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Govt issues warning for outdoor exercise as pollution alert issued in London
14 January 2022, 11:59 | Updated: 14 January 2022, 12:04
The Government has issued a warning for Londoners wanting to exercise outside on Friday after a high pollution alert was sent out.
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According to the Defra website, parts of London are set to see air pollution valued at eight out of 10 - "high".
"Air pollution levels are generally expected to be Low today," reads the warning on the website.
"However, areas of Moderate to High pollution are possible near urban areas and busy roads in the south of the UK, in particular London.
"This is due to light winds allowing the build-up of locally emitted pollutants."
Central London is expected to be especially bad - although it is not as bad as it was first forecast to be, with a reading of 10/10 forecasted for Friday on Thursday night.
Even though the warning has been downgraded to eight, the Government is still advising people to alter their behaviour to minimise the risk to their health.
"Adults and children with lung problems, and adults with heart problems, should reduce strenuous physical exertion, particularly outdoors, and particularly if they experience symptoms," states the guidance for high pollution levels, which is for ratings between seven and nine.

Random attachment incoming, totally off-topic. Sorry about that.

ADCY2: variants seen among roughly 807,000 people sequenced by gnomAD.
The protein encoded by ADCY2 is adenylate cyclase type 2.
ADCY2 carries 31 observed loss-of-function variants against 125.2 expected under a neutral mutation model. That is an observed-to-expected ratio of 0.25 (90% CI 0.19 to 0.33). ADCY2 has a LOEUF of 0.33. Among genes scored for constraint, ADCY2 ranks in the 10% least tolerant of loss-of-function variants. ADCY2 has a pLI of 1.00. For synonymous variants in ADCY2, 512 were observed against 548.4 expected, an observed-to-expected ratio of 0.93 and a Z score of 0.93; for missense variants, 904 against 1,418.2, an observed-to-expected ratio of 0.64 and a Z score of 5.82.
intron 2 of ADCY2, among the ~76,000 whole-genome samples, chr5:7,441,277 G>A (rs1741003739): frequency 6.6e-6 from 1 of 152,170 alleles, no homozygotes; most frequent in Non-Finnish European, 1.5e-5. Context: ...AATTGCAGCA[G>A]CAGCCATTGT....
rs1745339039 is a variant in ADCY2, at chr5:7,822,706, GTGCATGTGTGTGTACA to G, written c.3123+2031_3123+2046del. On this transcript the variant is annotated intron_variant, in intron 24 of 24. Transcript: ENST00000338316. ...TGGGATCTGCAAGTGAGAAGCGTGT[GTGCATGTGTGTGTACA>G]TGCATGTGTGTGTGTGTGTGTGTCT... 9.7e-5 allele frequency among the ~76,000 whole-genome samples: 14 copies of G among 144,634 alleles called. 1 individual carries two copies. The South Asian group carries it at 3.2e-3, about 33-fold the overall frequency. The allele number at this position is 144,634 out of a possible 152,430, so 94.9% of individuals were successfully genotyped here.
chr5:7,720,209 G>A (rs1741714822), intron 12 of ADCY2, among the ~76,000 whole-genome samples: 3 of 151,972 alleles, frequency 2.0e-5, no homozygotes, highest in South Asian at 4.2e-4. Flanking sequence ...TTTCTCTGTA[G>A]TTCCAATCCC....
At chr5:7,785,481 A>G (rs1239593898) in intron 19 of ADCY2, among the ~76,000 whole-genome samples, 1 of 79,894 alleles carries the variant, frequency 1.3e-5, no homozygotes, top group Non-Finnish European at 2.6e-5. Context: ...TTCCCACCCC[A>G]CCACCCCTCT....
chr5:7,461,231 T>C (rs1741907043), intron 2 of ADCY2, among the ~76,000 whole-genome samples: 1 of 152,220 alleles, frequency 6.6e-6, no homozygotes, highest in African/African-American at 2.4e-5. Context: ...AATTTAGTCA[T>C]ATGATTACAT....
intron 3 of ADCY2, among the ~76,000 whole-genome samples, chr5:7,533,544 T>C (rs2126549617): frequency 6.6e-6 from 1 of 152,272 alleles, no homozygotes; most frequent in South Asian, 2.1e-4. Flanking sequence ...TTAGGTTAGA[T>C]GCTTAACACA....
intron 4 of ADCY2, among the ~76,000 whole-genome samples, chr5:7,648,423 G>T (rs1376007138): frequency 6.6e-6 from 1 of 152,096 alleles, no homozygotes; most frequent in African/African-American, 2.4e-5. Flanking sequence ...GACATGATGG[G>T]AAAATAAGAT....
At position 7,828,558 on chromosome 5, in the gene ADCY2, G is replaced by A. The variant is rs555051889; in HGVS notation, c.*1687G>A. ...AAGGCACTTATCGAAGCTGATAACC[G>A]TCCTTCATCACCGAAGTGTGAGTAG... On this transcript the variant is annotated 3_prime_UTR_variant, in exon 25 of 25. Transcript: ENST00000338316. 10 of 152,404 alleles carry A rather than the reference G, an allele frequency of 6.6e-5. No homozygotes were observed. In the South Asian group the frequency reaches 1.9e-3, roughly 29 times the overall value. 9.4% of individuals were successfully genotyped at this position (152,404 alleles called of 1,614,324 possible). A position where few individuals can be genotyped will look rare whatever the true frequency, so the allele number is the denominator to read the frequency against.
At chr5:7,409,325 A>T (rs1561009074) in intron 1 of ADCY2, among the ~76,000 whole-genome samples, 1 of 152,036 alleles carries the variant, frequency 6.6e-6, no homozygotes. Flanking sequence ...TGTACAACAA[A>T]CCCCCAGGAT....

"People with asthma may find they need to use their reliever inhaler more often. Older people should also reduce physical exertion."
There is no need for people without underlying health conditions to limit their exercise unless they start to suffer adverse affects, with the advice reading: "Anyone experiencing discomfort such as sore eyes, cough or sore throat should consider reducing activity, particularly outdoors."
Weather conditions mean air pollution is expected to return to its normal low levels over the weekend, with Defra's forecast reading: "On Saturday air pollution levels are forecast to widely become Low again as slightly increased wind speeds allow pollutants to disperse."
Only three days ago the mayor of London Sadiq Khan issued a stark warning about the impact congestion in the capital could have on its air quality.
He acknowledged the progress made but called for a focus on "greener means of travel".
"Whilst we have made huge strides in increasing walking and cycling in London throughout the pandemic, car use has remained consistently high," said Mr Khan, after figures showed car use had recovered to almost pre-pandemic levels despite the introduction of the Ultra Low Emission Zone (ULEZ).
"If we do not double down on our efforts to deliver a greener, more sustainable future, we will replace one public health crisis with another - caused by filthy air and gridlocked roads.
"The cost to both Londoners and the capital (should not) be underestimated, with days wasted stuck in traffic, billions lost to the economy and increased road danger and health impacts.
"Most traffic is caused simply by there being too great a demand for limited street space, meaning the only long-term solution can be to significantly reduce car use in favour of greener means of travel."